We should all try to avoid being hypocritical

Maple Bay – Re: “David Suzuki is an environmental hypocrite” Thank you for printing April Gibson’s letter.

I had missed reading the article on cultural paradigm shift due to a very busy holiday period. April’s letter forced me onto the web version and I was able to find the story.

I have to say, I feel that April hit the nail on the head in many areas; I have similar views on environmentalism activists. The article on cultural paradigm was a self-serving bunch of nonsensical philosophical tripe.

In the same vein, the most recent article about the solar power proposal put forward by Peter Nix on solar energy launching a green tidal wave is another example of overzealous passion directed toward trying to instill fear of something (climate change, doom and gloom if the hydro power goes out) and suggesting indirectly you need to be on board with his thinking – oh look at me, how great I am for saving the environment, and what are you doing to be like me; a common tactic of environmental activists.

I’m all for developing solar power opportunities. But, if he plans to “sell” expensive solar power to BC Hydro it bothers me at several levels. There is nothing

“green” about buying and setting up a solar power station, so let’s get that point on the table. All the products used in making a solar farm are made of nonrenewable resources harvested from mother earth.

Further, someone has to connect that power supply (small as it is) with an expensive connection to the main grid for distribution (a further cost to Hydro users). I have no issue with individuals setting up their own solar power supply for their use to reduce or mitigate their draw on electric hydro but don’t make me pay for your grandiose ideas through my Hydro bill. If you are fortunate enough to have the wealth to buy and set up solar power to your home then fill your boots.

These days so many people and businesses are exploiting the use of the term “being green” which has no specific definition and no real useful meaning and often having no idea what they are talking about.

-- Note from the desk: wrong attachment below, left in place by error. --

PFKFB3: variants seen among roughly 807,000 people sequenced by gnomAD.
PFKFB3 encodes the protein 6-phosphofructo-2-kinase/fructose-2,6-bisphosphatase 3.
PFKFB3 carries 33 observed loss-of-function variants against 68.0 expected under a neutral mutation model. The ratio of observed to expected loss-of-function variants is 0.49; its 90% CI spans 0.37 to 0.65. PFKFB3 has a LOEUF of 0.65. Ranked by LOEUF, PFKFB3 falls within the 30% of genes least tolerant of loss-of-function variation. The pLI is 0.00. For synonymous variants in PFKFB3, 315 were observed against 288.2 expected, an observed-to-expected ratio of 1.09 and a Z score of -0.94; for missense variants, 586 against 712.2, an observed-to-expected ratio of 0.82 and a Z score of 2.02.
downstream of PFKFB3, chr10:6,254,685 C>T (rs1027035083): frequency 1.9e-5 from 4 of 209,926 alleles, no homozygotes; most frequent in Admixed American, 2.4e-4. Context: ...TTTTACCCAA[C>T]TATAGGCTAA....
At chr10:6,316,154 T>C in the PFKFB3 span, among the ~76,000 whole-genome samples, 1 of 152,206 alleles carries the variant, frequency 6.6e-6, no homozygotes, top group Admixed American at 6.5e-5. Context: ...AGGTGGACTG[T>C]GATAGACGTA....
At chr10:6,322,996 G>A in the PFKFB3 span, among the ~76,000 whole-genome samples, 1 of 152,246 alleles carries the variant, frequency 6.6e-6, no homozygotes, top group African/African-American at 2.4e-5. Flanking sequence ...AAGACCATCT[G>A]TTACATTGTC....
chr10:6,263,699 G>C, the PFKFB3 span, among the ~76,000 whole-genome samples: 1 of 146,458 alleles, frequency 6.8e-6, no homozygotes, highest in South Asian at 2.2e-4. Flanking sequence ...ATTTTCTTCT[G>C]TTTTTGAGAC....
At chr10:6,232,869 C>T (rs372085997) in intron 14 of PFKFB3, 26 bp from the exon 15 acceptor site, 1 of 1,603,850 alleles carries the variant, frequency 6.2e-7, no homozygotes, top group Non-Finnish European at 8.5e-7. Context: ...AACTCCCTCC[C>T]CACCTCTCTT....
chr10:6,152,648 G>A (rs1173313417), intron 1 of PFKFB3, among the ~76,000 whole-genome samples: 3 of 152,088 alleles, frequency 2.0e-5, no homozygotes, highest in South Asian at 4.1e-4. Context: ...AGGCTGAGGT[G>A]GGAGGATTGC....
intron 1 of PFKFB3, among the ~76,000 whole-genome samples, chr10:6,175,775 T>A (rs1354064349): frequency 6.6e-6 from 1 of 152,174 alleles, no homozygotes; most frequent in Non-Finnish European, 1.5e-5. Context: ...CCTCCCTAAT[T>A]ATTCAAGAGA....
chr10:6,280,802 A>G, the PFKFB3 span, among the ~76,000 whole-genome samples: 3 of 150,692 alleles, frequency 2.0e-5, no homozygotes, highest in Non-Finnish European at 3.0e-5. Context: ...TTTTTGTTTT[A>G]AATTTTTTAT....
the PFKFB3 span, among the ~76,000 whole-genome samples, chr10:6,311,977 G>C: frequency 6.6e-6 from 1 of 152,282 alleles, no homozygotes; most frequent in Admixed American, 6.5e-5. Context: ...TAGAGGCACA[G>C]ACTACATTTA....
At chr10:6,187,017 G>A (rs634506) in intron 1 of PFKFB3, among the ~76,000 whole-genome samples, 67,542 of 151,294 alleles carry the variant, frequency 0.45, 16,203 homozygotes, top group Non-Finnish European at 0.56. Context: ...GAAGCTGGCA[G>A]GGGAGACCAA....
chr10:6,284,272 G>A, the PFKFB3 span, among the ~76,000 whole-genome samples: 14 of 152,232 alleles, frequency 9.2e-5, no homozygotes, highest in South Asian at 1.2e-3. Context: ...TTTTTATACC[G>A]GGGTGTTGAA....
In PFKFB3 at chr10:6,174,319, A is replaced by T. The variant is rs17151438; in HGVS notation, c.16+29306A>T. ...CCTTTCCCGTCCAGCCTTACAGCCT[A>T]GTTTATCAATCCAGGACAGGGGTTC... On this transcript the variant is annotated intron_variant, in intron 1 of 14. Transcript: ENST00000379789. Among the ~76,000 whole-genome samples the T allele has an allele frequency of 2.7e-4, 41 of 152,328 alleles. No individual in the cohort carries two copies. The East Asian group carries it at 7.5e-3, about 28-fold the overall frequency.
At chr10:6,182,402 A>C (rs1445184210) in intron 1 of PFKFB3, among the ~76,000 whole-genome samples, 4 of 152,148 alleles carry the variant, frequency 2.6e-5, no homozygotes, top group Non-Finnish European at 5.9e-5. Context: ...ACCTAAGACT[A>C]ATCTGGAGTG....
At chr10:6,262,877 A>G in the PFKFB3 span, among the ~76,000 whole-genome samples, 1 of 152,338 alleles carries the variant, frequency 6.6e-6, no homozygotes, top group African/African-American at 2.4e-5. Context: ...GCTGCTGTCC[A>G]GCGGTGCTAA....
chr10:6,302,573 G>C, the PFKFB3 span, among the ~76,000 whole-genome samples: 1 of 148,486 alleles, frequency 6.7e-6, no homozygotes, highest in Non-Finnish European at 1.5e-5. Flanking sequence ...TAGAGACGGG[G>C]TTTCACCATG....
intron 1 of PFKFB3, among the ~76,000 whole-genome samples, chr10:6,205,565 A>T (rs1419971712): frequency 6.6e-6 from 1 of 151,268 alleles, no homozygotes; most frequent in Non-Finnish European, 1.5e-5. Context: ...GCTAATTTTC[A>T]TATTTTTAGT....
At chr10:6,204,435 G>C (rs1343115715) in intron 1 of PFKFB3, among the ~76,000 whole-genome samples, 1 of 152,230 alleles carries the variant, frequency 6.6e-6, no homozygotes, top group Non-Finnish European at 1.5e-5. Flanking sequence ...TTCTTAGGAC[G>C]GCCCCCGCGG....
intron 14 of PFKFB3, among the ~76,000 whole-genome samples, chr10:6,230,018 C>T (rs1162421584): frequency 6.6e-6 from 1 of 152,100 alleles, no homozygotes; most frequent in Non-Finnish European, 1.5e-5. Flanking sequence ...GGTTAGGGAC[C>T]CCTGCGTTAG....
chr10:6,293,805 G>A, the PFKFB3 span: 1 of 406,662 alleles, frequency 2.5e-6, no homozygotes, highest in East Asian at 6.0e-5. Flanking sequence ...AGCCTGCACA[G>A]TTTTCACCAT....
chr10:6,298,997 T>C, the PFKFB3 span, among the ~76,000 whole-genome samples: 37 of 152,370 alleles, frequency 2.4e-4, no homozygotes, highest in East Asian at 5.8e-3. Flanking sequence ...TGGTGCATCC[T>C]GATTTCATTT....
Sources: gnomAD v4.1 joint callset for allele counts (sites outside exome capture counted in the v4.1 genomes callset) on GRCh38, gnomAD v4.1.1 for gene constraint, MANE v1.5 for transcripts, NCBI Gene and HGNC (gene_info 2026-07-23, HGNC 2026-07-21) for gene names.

Often people’s actions and behaviours are at complete odds with their stated beliefs. During the holidays, did you check out the shopping malls’ parking lots overloaded with cars, millions of folks flying around the world to visit family and loved ones, overcrowded stores with staggering volumes of non-renewable resources being bought and paid for as gifts or for personal

consumption items? I was one of them. And, every time a person goes to the grocery store and consumes the wonderful array of foods available to us and brings it home in our cars…how does one think that luxury of modern society happened without some impact on the planets resources?

What does one think about the impact on the environment of all these above stated actions? It may be more appropriate to talk about how I, we, you can undertake some sort of reasonable action that might lead toward mitigation of an environmental damaging effect or of limiting those impacts. Or at another level, just ask yourself, what can I do personally in my behaviour, or actions and my consumption patterns that will result in less consumerism, less consumption of natural resources? What am I willing to give up?

For many of us caught up in today’s wonderful society it’s pretty hard to think of not buying that 60 inch widescreen TV, or new smart phone or tablet, or taking that winter vacation flying somewhere warm and sunny, or just enjoying time at home – in our home loaded with all those goods and services that make it a comfortable place. I’m just saying, try to avoid being a hypocritical.

Bryan Wallis Maple Bay